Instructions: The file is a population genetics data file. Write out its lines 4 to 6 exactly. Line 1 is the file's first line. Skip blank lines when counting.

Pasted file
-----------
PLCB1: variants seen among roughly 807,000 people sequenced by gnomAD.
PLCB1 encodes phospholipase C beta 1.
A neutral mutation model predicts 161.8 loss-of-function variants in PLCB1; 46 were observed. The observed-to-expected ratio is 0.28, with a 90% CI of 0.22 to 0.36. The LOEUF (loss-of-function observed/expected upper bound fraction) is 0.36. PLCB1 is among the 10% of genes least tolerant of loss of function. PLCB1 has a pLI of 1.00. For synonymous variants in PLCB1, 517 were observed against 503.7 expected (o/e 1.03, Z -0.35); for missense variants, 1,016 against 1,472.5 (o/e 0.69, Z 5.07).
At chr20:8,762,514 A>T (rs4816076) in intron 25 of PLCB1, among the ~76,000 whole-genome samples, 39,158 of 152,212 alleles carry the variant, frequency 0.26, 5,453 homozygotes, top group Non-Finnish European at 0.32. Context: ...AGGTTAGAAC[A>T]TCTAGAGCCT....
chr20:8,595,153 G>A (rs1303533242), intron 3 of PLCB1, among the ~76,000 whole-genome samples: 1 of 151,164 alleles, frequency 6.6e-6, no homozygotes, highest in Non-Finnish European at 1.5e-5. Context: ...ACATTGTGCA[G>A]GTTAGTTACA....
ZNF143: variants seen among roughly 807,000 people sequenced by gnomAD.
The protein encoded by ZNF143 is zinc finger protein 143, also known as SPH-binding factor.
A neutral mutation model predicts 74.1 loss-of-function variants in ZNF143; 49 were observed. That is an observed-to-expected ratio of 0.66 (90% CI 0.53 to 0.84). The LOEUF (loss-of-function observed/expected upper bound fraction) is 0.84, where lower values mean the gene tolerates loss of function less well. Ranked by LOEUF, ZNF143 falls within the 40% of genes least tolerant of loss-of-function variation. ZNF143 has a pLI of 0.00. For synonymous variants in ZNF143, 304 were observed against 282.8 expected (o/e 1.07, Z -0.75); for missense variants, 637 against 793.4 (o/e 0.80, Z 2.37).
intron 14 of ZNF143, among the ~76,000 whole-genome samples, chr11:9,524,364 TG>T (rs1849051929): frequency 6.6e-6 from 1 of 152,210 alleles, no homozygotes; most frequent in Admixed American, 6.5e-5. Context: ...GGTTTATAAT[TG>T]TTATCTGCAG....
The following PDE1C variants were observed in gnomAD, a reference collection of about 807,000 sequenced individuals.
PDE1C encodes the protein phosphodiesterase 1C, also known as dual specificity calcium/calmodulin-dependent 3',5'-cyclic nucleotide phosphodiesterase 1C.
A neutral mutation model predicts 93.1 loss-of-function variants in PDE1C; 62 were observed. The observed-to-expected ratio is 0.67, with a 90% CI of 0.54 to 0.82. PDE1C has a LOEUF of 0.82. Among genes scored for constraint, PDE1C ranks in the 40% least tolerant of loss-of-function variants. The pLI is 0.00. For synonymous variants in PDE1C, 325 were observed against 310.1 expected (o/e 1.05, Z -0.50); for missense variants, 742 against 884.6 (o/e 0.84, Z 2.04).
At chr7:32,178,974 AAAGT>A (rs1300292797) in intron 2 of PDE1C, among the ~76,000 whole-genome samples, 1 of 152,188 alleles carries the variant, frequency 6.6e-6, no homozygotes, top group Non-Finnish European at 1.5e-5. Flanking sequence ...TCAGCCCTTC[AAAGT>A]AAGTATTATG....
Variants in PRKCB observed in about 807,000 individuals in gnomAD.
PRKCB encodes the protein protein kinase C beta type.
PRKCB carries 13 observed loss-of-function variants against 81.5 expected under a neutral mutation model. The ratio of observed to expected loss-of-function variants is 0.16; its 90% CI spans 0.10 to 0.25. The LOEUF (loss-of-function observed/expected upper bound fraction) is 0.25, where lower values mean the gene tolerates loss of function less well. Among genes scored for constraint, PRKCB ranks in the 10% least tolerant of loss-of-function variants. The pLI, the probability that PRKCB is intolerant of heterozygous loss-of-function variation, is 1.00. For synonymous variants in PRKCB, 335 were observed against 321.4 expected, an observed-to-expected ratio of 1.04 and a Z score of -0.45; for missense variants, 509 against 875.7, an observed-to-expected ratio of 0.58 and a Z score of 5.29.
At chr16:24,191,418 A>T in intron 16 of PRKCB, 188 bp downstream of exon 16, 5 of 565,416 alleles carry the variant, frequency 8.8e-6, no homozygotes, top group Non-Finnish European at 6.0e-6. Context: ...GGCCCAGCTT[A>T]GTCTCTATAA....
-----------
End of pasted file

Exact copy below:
At chr20:8,762,514 A>T (rs4816076) in intron 25 of PLCB1, among the ~76,000 whole-genome samples, 39,158 of 152,212 alleles carry the variant, frequency 0.26, 5,453 homozygotes, top group Non-Finnish European at 0.32. Context: ...AGGTTAGAAC[A>T]TCTAGAGCCT....
chr20:8,595,153 G>A (rs1303533242), intron 3 of PLCB1, among the ~76,000 whole-genome samples: 1 of 151,164 alleles, frequency 6.6e-6, no homozygotes, highest in Non-Finnish European at 1.5e-5. Context: ...ACATTGTGCA[G>A]GTTAGTTACA....
ZNF143: variants seen among roughly 807,000 people sequenced by gnomAD.